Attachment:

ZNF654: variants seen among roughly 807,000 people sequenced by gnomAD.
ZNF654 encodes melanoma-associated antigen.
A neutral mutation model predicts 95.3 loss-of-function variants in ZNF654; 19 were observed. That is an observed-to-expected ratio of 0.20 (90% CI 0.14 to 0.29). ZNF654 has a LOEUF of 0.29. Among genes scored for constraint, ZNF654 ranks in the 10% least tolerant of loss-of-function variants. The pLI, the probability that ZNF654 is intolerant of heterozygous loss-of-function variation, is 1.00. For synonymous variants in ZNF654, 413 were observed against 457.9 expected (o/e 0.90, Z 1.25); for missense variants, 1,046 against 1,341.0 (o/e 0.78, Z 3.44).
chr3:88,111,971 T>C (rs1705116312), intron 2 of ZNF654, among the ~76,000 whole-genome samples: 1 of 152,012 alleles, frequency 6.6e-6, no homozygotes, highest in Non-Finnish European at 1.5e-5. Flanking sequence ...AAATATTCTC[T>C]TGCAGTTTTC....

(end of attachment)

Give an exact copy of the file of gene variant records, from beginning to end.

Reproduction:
ZNF654: variants seen among roughly 807,000 people sequenced by gnomAD.
ZNF654 encodes melanoma-associated antigen.
A neutral mutation model predicts 95.3 loss-of-function variants in ZNF654; 19 were observed. That is an observed-to-expected ratio of 0.20 (90% CI 0.14 to 0.29). ZNF654 has a LOEUF of 0.29. Among genes scored for constraint, ZNF654 ranks in the 10% least tolerant of loss-of-function variants. The pLI, the probability that ZNF654 is intolerant of heterozygous loss-of-function variation, is 1.00. For synonymous variants in ZNF654, 413 were observed against 457.9 expected (o/e 0.90, Z 1.25); for missense variants, 1,046 against 1,341.0 (o/e 0.78, Z 3.44).
chr3:88,111,971 T>C (rs1705116312), intron 2 of ZNF654, among the ~76,000 whole-genome samples: 1 of 152,012 alleles, frequency 6.6e-6, no homozygotes, highest in Non-Finnish European at 1.5e-5. Flanking sequence ...AAATATTCTC[T>C]TGCAGTTTTC....